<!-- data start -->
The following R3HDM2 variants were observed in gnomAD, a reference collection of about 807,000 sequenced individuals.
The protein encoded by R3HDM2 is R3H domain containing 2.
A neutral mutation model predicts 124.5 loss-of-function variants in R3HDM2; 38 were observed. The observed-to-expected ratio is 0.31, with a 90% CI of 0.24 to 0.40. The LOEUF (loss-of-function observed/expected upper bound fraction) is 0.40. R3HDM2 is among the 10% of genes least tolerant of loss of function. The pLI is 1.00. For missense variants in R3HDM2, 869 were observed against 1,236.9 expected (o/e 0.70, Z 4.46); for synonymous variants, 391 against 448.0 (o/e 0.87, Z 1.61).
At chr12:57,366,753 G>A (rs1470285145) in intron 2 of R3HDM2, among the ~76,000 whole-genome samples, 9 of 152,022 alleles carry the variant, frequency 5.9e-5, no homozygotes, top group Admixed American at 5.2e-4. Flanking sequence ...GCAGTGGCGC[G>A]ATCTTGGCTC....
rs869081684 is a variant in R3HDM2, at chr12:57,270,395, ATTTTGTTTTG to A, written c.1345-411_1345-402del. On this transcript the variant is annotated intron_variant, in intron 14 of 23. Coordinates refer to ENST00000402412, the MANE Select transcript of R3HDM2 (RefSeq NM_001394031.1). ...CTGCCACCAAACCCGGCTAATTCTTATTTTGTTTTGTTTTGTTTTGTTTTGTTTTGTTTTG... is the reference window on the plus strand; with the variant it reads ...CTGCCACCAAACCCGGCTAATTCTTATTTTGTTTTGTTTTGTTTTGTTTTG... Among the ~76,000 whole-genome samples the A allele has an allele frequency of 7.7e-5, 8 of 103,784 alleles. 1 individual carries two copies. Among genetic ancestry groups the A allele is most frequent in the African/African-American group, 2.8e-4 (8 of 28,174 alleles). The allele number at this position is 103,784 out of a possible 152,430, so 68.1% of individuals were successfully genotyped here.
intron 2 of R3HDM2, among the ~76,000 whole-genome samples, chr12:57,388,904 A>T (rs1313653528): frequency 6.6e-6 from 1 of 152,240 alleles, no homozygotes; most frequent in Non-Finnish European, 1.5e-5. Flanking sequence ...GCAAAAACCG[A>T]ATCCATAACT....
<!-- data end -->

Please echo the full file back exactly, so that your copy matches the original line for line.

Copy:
The following R3HDM2 variants were observed in gnomAD, a reference collection of about 807,000 sequenced individuals.
The protein encoded by R3HDM2 is R3H domain containing 2.
A neutral mutation model predicts 124.5 loss-of-function variants in R3HDM2; 38 were observed. The observed-to-expected ratio is 0.31, with a 90% CI of 0.24 to 0.40. The LOEUF (loss-of-function observed/expected upper bound fraction) is 0.40. R3HDM2 is among the 10% of genes least tolerant of loss of function. The pLI is 1.00. For missense variants in R3HDM2, 869 were observed against 1,236.9 expected (o/e 0.70, Z 4.46); for synonymous variants, 391 against 448.0 (o/e 0.87, Z 1.61).
At chr12:57,366,753 G>A (rs1470285145) in intron 2 of R3HDM2, among the ~76,000 whole-genome samples, 9 of 152,022 alleles carry the variant, frequency 5.9e-5, no homozygotes, top group Admixed American at 5.2e-4. Flanking sequence ...GCAGTGGCGC[G>A]ATCTTGGCTC....
rs869081684 is a variant in R3HDM2, at chr12:57,270,395, ATTTTGTTTTG to A, written c.1345-411_1345-402del. On this transcript the variant is annotated intron_variant, in intron 14 of 23. Coordinates refer to ENST00000402412, the MANE Select transcript of R3HDM2 (RefSeq NM_001394031.1). ...CTGCCACCAAACCCGGCTAATTCTTATTTTGTTTTGTTTTGTTTTGTTTTGTTTTGTTTTG... is the reference window on the plus strand; with the variant it reads ...CTGCCACCAAACCCGGCTAATTCTTATTTTGTTTTGTTTTGTTTTGTTTTG... Among the ~76,000 whole-genome samples the A allele has an allele frequency of 7.7e-5, 8 of 103,784 alleles. 1 individual carries two copies. Among genetic ancestry groups the A allele is most frequent in the African/African-American group, 2.8e-4 (8 of 28,174 alleles). The allele number at this position is 103,784 out of a possible 152,430, so 68.1% of individuals were successfully genotyped here.
intron 2 of R3HDM2, among the ~76,000 whole-genome samples, chr12:57,388,904 A>T (rs1313653528): frequency 6.6e-6 from 1 of 152,240 alleles, no homozygotes; most frequent in Non-Finnish European, 1.5e-5. Flanking sequence ...GCAAAAACCG[A>T]ATCCATAACT....